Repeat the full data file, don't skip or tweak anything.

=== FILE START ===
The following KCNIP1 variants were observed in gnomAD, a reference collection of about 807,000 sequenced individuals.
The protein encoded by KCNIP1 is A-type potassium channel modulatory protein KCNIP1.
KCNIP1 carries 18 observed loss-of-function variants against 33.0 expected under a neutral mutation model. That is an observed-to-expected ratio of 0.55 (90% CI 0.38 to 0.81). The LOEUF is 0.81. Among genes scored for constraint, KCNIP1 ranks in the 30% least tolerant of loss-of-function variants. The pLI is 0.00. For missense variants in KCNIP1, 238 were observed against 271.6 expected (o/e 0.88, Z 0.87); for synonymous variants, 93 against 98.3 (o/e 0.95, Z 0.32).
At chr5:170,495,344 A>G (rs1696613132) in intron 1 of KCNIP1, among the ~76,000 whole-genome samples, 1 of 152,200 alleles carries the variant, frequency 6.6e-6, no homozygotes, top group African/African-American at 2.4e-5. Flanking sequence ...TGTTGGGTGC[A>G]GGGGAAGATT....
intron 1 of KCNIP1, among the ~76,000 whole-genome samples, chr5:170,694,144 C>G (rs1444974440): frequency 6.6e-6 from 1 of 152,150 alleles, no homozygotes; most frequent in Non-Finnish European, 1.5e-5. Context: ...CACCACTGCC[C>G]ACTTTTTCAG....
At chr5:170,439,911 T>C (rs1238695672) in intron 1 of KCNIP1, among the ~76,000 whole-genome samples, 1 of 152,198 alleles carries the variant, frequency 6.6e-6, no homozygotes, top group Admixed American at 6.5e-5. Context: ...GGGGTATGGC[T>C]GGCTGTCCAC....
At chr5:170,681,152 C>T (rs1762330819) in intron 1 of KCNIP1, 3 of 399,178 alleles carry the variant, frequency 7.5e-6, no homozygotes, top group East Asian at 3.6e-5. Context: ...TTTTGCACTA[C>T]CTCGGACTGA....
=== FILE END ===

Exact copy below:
The following KCNIP1 variants were observed in gnomAD, a reference collection of about 807,000 sequenced individuals.
The protein encoded by KCNIP1 is A-type potassium channel modulatory protein KCNIP1.
KCNIP1 carries 18 observed loss-of-function variants against 33.0 expected under a neutral mutation model. That is an observed-to-expected ratio of 0.55 (90% CI 0.38 to 0.81). The LOEUF is 0.81. Among genes scored for constraint, KCNIP1 ranks in the 30% least tolerant of loss-of-function variants. The pLI is 0.00. For missense variants in KCNIP1, 238 were observed against 271.6 expected (o/e 0.88, Z 0.87); for synonymous variants, 93 against 98.3 (o/e 0.95, Z 0.32).
At chr5:170,495,344 A>G (rs1696613132) in intron 1 of KCNIP1, among the ~76,000 whole-genome samples, 1 of 152,200 alleles carries the variant, frequency 6.6e-6, no homozygotes, top group African/African-American at 2.4e-5. Flanking sequence ...TGTTGGGTGC[A>G]GGGGAAGATT....
intron 1 of KCNIP1, among the ~76,000 whole-genome samples, chr5:170,694,144 C>G (rs1444974440): frequency 6.6e-6 from 1 of 152,150 alleles, no homozygotes; most frequent in Non-Finnish European, 1.5e-5. Context: ...CACCACTGCC[C>G]ACTTTTTCAG....
At chr5:170,439,911 T>C (rs1238695672) in intron 1 of KCNIP1, among the ~76,000 whole-genome samples, 1 of 152,198 alleles carries the variant, frequency 6.6e-6, no homozygotes, top group Admixed American at 6.5e-5. Context: ...GGGGTATGGC[T>C]GGCTGTCCAC....
At chr5:170,681,152 C>T (rs1762330819) in intron 1 of KCNIP1, 3 of 399,178 alleles carry the variant, frequency 7.5e-6, no homozygotes, top group East Asian at 3.6e-5. Context: ...TTTTGCACTA[C>T]CTCGGACTGA....